A handy guide to work through the medical terms in Memory Lost

Although I tried to tone down on the amount of medical jargon present in the drama, I realised that perhaps it might be good to write a short post on some of the terms that are scattered throughout the drama which may even come into use in your daily lives. Here are the ones that I think will help you through most detective/ medical dramas:

  1. Chloroform: mentioned a lot if the drama has a kidnapping case or you want to knock someone unconscious. Its a chemical, usually in the form of a gas that is colourless and smells like ether- so smells a bit like nail-polish remover/ gasoline. Although its gained a criminal reputation, actually in larger doses it can kill someone so its no longer used as an anesthetic to put people to sleep during surgery anymore.
  2. Benzodiazepine: Benzodiazepines or BDZs is a type of drug which can help the person taking it to relax and sleep. Its a very common drug with few side effects (if you take it at the recommended dose) and used to treat conditions such as insomnia (inability to sleep), panic disorders, seizures etc. If you stretch your memory to the 1st few episodes of Memory Lost, the rapist used BDZs to cause his victims to feel sleepy and to help with his hypnosis. Actually BDZs are not known to cause hypnosis even though they are hypnotic drugs. The term hypnotic can mean to induce hypnosis OR to induce sleep.
  3. Amnesia: The condition where a person loses their memory. Although it has been shown that there is a possibility of regaining memories by a physical trauma/ injury to the head so it’s generally not advised because it’s a rare case.
  4. Autopsy: This is the medical examination of a body.
  5. Pathology: Although the most famous pathologists are actually Forensic Pathologists, the job of a pathologist is just to determine the cause of the disease and FORENSIC pathologists work out the cause of death. So next time you go for that blood test, your blood is likely to have passed through the hands of the pathologists in the lab. Although this process is slowly being replaced by machines who can do thousands of analysis at the same time and requires so less time. Our problem now is probably finding enough supercomputers and data scientists to sort out all the data.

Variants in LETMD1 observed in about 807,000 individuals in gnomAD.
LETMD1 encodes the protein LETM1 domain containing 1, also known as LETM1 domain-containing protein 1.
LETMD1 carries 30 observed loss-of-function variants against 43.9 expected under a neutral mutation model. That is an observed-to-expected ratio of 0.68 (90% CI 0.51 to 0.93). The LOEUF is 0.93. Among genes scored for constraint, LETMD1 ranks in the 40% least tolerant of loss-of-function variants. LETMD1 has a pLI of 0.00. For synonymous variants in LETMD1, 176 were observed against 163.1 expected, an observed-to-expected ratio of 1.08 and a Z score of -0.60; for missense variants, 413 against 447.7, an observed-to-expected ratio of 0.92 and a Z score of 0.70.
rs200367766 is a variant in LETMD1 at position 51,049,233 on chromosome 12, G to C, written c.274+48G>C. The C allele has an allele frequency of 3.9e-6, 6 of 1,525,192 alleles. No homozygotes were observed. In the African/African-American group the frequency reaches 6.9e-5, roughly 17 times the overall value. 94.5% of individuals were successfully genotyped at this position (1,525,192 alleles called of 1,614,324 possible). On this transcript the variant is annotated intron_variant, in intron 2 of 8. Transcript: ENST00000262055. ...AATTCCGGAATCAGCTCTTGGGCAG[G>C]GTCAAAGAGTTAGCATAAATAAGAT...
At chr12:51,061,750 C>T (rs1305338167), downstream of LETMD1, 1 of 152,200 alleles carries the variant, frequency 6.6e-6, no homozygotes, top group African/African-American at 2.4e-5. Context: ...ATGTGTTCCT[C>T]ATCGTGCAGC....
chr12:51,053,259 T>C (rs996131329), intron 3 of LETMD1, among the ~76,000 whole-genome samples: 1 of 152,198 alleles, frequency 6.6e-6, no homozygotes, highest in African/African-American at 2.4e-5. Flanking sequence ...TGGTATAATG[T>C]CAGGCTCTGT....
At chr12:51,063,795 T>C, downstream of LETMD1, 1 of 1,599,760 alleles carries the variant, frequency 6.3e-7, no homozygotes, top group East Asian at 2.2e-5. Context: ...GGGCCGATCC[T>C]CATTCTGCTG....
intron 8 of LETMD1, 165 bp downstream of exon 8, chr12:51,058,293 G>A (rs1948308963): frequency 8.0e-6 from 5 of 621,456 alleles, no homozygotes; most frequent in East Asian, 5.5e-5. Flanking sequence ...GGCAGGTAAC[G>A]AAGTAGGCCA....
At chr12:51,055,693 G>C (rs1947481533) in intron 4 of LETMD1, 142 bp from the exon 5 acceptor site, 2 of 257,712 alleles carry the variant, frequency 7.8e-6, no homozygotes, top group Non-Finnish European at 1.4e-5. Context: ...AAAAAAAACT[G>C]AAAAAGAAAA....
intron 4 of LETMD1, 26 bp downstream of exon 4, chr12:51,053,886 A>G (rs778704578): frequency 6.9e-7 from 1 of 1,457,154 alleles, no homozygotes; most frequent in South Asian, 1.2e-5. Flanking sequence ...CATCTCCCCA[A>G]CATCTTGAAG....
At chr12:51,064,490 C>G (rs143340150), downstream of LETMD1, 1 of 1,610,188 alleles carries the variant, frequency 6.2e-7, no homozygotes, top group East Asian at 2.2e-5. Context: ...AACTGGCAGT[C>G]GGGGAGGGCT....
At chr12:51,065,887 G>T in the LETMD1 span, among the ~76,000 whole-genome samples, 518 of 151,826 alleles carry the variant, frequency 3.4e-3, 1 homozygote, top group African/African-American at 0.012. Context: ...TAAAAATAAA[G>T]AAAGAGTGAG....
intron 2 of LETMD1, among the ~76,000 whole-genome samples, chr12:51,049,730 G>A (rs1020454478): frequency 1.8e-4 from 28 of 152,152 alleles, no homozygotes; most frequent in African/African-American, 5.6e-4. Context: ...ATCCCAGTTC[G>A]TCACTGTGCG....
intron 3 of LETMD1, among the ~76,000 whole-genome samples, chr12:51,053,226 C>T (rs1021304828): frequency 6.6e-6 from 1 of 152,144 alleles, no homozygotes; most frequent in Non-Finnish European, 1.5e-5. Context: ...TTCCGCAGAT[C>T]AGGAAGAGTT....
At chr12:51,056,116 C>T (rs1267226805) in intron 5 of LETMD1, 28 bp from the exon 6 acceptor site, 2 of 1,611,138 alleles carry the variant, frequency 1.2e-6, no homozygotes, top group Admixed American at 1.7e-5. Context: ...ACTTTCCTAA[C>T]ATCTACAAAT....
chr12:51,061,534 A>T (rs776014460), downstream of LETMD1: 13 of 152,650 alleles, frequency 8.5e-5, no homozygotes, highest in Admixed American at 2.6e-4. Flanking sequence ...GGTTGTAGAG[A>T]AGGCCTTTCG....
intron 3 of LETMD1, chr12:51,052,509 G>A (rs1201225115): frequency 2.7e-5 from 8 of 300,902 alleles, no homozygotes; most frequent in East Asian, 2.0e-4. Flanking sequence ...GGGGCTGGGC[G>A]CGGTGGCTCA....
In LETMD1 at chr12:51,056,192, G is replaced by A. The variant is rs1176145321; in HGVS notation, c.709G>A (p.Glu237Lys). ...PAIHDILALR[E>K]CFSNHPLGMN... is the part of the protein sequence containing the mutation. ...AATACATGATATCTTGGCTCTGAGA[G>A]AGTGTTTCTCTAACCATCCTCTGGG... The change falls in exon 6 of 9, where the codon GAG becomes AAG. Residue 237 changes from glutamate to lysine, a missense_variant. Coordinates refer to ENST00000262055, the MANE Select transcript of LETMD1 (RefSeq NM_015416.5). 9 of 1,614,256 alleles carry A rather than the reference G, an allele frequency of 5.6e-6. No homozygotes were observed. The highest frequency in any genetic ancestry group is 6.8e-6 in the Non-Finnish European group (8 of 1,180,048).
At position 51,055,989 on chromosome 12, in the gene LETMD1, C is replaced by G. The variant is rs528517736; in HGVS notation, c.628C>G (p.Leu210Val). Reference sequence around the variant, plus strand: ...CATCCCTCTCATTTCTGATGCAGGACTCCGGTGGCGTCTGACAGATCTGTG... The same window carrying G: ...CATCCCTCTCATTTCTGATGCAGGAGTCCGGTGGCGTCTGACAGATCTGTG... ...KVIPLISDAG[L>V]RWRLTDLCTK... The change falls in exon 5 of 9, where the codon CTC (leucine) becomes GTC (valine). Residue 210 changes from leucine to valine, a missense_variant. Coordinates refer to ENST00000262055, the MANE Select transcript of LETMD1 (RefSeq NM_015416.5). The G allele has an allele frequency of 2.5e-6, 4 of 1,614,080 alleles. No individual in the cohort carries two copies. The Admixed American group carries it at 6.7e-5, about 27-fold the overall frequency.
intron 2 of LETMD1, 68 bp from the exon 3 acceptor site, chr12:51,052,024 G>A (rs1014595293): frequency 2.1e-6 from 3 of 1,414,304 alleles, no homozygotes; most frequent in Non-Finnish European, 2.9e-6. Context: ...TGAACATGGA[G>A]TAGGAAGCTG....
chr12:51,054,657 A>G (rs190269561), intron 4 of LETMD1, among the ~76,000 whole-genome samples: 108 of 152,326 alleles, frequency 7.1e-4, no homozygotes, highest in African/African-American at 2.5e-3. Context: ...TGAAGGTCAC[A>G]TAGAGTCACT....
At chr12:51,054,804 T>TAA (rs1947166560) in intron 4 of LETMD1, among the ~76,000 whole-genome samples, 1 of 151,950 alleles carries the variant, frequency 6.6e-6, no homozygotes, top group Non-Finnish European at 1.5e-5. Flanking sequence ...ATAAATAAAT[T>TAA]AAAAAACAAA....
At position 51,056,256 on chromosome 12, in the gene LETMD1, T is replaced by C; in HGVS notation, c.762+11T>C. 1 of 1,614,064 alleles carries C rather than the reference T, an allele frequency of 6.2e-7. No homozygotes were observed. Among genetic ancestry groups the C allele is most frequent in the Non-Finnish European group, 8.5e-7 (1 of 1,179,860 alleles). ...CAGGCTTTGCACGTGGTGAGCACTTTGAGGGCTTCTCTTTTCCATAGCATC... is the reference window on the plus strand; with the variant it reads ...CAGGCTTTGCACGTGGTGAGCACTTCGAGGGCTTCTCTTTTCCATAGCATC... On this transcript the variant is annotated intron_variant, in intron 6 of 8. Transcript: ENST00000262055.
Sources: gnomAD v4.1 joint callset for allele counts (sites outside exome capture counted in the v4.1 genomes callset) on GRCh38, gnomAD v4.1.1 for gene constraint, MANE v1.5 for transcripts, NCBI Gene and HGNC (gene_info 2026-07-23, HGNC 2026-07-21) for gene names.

6. Mycardial Infarction: Just a fancy name for a heart attack. Some people don’t actually die from a heart attack, it depends on how much blood your heart is able to get. A heart attack occurs when the tubes (arteries) which supply your heart with blood, oxygen and nutrients become blocked, it causes a part of your heart to die off. You will die if a lot of this blood/oxygen supply is cut off, however you can still survive afterwards if only a small portion of your heart dies.
  7. Depression v.s anxiety: depression is where you are so unhappy all the time, that you can’t even get out of bed or leave your home because you don’t have the will to do anything. Anxiety is a condition where in response to stress factors for example, an important exam, you constantly feel uneasy, fear and worry about the future instead of exhausted or overwhelmed by the pressure/ workload and other people’s expectations which is stress. Anxiety can be still present even when the stress factors are gone.
  8. MRI scans: This type of scan uses a magnetic field to generate images of the body, in particular soft tissues I.e. the organs of the body. Very useful for cancer diagnosis. Not so effective for looking at bones.
  9. Eppendorf: simple tube used in the lab to contain volumes of chemicals. Can range from very large 100ml to tiny 1.5ml tubes.
  10. Distillation: chemical process to separate different liquids from each other provided these liquids have different boiling points (different temperatures that they will turn into gases) by heating up and cooling the mixture.
  11. Epidemic v.s. pandemic: and epidemic is an outbreak of a disease (usually infectious) across a population over a couple of weeks. A pandemic is the outbreak of a disease across a very large region/ population over a short period of time.

I will continue to update this if I find anymore tricky/ useful medical jargon in the drama.

Leave a Reply

Fill in your details below or click an icon to log in:

WordPress.com Logo

You are commenting using your WordPress.com account. Log Out /  Change )

Twitter picture

You are commenting using your Twitter account. Log Out /  Change )

Facebook photo

You are commenting using your Facebook account. Log Out /  Change )

Connecting to %s